Researchers have found changes in the brains of astronauts who have visited the International Space Station, with parts of the brain called perivascular spaces widening in size, according to a digitartlend report.
This new study looks at how the space around the fluid-filled brain vessels changes in 15 astronauts, and researchers looked at their brains before they went into space using magnetic resonance imaging (MRI), and then after the astronauts stayed on the International Space Station for periods of months. Then, the researchers looked at their brains again at intervals of one month, two months, and six months after they returned to Earth.
The researchers found that these fluid-filled spaces in the brain, called perivascular spaces, became larger in astronauts who went to the space station for the first time.
However, astronauts who have already gone into space and were to the station on another mission did not show any change, and this indicates that astronauts may be adapting to space, and according to lead author Juan Piantino in a statement, experienced astronauts may have reached a kind of balance. .
And while the changes in the brains may seem exciting or worrisome, the astronauts didn’t show any problems with balance or visual memories, so there’s no reason to believe they have problems with these changes.
The changes likely stem from a lack of gravity, which means fluids tend to collect in the upper body during long periods of stay in space, which gives astronauts a “puffy” appearance and what may be responsible for the vision deterioration experienced by many astronauts. The space.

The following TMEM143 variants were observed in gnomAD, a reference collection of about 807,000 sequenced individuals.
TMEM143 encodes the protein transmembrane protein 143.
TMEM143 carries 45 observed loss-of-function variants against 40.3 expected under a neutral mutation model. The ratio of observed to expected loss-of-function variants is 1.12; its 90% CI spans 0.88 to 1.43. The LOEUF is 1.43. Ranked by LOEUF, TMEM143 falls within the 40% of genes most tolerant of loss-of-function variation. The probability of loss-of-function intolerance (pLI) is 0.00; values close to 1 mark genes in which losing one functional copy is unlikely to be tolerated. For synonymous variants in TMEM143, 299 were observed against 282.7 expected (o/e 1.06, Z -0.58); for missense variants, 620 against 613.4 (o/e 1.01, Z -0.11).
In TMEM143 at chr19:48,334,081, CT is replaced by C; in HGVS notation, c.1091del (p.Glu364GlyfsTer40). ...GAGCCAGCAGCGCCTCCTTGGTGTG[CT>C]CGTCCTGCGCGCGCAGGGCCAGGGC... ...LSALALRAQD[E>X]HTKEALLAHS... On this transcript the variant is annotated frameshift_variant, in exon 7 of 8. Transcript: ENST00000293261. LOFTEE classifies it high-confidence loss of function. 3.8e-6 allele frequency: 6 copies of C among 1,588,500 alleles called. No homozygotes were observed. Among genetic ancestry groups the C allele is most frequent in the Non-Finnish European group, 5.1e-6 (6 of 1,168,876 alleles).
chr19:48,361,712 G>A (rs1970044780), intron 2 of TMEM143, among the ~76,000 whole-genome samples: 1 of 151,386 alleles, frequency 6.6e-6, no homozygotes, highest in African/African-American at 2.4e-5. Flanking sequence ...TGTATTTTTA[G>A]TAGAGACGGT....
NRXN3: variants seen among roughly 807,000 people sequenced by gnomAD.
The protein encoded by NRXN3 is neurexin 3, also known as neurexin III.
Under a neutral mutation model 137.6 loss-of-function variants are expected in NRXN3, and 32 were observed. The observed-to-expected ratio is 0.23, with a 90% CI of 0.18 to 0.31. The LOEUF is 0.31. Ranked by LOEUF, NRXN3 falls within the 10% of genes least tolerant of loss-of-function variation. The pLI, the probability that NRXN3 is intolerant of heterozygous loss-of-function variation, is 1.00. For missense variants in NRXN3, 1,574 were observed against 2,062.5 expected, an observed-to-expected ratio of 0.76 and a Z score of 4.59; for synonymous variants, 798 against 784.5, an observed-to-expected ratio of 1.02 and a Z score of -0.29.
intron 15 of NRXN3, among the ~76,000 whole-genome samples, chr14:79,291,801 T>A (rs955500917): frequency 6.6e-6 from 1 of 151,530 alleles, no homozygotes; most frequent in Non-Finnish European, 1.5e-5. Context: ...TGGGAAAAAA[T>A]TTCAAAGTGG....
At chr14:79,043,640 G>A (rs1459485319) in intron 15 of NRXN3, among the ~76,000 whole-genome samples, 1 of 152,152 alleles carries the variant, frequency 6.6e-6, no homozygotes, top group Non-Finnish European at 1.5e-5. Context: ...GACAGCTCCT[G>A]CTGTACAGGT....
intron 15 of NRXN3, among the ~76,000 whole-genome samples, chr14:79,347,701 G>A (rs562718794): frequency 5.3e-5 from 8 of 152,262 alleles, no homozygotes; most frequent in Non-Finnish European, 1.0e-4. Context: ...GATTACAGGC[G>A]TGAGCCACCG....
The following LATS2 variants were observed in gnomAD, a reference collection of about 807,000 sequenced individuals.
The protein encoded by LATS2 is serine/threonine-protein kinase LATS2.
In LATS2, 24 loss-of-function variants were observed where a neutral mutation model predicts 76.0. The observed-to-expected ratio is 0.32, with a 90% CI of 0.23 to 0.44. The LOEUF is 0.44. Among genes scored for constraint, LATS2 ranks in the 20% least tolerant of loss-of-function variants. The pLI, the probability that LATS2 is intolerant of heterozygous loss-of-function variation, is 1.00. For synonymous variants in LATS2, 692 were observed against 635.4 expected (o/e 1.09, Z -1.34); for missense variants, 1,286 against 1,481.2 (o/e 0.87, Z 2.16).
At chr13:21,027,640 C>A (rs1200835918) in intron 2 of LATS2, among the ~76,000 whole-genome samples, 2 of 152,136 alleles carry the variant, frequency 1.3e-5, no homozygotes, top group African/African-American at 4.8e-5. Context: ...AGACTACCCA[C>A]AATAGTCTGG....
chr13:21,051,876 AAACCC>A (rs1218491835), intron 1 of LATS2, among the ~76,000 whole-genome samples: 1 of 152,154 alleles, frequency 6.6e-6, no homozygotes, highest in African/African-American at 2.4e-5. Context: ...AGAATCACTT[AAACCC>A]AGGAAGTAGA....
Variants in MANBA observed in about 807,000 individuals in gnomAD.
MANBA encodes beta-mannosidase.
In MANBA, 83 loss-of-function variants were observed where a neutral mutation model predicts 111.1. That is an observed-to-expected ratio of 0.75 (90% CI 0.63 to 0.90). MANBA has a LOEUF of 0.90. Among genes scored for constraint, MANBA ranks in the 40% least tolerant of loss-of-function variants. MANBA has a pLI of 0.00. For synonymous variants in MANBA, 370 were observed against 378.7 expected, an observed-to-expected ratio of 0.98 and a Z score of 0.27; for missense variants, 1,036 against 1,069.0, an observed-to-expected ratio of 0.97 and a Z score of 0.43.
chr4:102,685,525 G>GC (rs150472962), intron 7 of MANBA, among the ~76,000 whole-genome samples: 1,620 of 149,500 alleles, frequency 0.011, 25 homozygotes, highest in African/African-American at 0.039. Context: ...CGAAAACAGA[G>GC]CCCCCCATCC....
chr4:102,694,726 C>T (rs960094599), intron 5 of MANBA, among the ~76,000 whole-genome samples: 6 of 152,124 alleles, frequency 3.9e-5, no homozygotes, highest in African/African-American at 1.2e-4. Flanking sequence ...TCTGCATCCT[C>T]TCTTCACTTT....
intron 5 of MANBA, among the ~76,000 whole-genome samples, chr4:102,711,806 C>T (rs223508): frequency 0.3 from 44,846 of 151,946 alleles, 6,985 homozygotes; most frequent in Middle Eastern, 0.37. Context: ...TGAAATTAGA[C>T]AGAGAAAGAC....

“We’ve all been adapted to use gravity to our advantage, and nature didn’t put our brains at our feet – it raised them high, and once you remove gravity from the equation, what does that do to human physiology?” Biantino said.
Previous research has found that astronauts’ brains tend to get larger when they spend time in space, which is also due to fluid redistribution, and the brains appear to adapt to microgravity conditions by relying more on visual and tactile information for balance than the vestibular system does. In the body.
Understanding how the human body changes during space flights is a major concern for space agencies, but studying this topic could also be useful to people on Earth.
With this study, according to Biantino, these findings not only help in understanding the fundamental changes that occur during spaceflight but also for people on Earth who suffer from diseases that affect the circulation of cerebrospinal fluid.
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